Reading the mind of a self-driving car

Humans have endless capabilities for understanding each other in highly nuanced ways – we are all aware of the subtle eye roll or glance away that can communicate so much.  The smallest of differences in our gestures carries a myriad of meanings that we are able to pick up and understand in a moment. In psychology, this ability we have to attribute mental states to other people is called Theory of Mind (ToM). One of the leading researchers in this area is Bertram Malle who asks us to put ourselves in this scene:

You observe two people’s movements, one behind a large wooden object, the other reaching behind him and then holding a thin object in front of the other.

We need theory of mind to understand that this simply describes a customer pulling out their credit card with the intention to pay the cashier.  If we did not have a theory of mind, we would not understand the sequence of movement or be able to predict either person’s likely responses that we simply take for granted. But with the capacity to understand physical movements through mental states, we can construe this complex scene into the intentional acts of offering and trading. 

Theory of mind means people are transformed from ‘objects’ into ‘subjects’ who can are able to act intentionally and who have desires, beliefs, attitudes and so on that direct their actions.  We need to understand minds in order to engage in the complex interactions that social communities require of us.  Malle suggests that we explain intentional behaviours, by using a sophisticated framework of interpretation.  He suggests that intentional behaviour must involve a desire for an outcome, beliefs about how a particular deed leads to that outcome, and an intention to perform that deed; if the person then performs the deed, people take it to be an intentional action.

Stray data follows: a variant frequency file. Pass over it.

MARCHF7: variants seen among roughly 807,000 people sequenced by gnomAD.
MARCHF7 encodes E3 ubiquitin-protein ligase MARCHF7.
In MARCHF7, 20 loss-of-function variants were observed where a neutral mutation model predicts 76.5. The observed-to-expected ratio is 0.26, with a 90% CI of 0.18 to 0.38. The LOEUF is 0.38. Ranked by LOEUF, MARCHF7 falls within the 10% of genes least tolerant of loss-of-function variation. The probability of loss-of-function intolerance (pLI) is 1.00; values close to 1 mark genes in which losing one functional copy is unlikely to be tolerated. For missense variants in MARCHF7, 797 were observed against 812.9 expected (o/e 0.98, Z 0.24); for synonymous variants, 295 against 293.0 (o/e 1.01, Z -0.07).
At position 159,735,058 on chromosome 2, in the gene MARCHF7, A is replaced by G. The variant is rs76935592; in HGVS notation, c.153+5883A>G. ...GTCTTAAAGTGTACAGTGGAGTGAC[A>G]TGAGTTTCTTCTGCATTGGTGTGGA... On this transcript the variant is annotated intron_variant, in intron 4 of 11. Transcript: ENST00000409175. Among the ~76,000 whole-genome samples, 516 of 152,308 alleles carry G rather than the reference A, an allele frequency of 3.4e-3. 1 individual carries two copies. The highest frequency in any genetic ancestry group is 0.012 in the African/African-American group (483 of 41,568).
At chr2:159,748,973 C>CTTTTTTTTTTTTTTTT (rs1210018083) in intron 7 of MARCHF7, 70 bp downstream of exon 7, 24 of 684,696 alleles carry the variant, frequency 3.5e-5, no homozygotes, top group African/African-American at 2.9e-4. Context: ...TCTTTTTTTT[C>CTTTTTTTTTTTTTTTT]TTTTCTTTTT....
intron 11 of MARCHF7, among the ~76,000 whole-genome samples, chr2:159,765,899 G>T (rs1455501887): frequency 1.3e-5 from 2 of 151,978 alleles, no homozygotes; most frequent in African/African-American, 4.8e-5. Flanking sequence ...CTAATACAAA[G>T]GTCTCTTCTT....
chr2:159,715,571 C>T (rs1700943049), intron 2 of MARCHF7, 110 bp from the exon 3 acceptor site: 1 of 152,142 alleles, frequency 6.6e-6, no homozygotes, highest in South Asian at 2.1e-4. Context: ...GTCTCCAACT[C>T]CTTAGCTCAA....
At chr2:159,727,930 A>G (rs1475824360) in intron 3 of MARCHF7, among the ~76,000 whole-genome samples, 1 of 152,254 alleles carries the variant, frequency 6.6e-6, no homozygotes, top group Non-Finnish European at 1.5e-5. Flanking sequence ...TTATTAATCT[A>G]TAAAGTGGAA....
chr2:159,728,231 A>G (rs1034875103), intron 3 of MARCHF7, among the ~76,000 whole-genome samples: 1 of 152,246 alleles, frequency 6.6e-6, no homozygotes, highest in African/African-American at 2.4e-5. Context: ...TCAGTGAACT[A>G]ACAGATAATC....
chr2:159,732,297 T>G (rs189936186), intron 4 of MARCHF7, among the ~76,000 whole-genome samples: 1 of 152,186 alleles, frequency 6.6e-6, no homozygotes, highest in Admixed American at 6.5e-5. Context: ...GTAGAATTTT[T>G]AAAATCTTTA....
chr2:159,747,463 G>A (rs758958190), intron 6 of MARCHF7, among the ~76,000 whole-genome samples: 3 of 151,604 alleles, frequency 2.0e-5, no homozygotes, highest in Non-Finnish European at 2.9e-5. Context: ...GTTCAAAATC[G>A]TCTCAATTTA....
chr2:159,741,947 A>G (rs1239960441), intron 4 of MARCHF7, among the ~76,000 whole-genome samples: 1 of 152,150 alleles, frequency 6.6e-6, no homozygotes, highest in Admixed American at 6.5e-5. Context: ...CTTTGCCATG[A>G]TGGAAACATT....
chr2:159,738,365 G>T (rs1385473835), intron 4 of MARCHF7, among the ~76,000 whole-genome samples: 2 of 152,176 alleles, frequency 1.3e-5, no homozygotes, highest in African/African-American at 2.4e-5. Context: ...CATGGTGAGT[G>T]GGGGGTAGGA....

Understanding robots

But things start getting a little more complicated when we bring technology into the equation.  We understand how to navigate a wide range of situations read each other’s minds but how do we manage this when one of the participants is a robot? 

Whether robots can be programmed to have a Theory of Mind about humans is addressed by AI researcher, Richard Sutton, in his essay titled “The Bitter Lesson”.  He argues the history of AI suggests that attempts to build human understanding into computers have not to date worked as progress has only come through the ability to assert ever more brute computational force to problems. The “bitter lesson” is that “the actual contents of [human] minds are tremendously, irredeemably complex…They are not what should be built in [to machines].”  There will inevitably continue to be speculation about the possibilities of a more generalised intelligence AI, for all intents and purposes we are not close currently and may well never be.

We should therefore turn to the corollary of this: what happens when we try to understand a robot as if it were another person? It is well understood that we use anthropomorphism, the human tendency to attribute human characteristics, either physical or psychological, to non-human agents.   Many studies have shown that humans perceive robots as having human qualities, such as Roomba (a vacuum cleaner with a semi-autonomous system).  Others have found that we tend to assign greater mental abilities to robots that have a human appearance.  It seems at first glance that ToM is active for humans not only in their relationships with other humans but also through our interactions with robots.

But surely, it’s something of a surprise thatwe might apply ToM principles to technology:  we do not do this for a range of other tools in quite the same way.  But there are a number of reasons in which we might be forgiven for attempting this.

We could argue that the world of ‘objects’ is perhaps not as entirely separate from us as we might think.  The boundary between object and subject is in fact much more porous than we sometimes consider – we use tools to extend our capabilities:  we can think of a shopping list we scribble out as a mean of extending our memory, just as a hammer is a mean by which we extent our physical capabilities.  However, seeing tools as an extension of ourselves is not quite the same as attributing human-like qualities to them as we seem to with digital technology.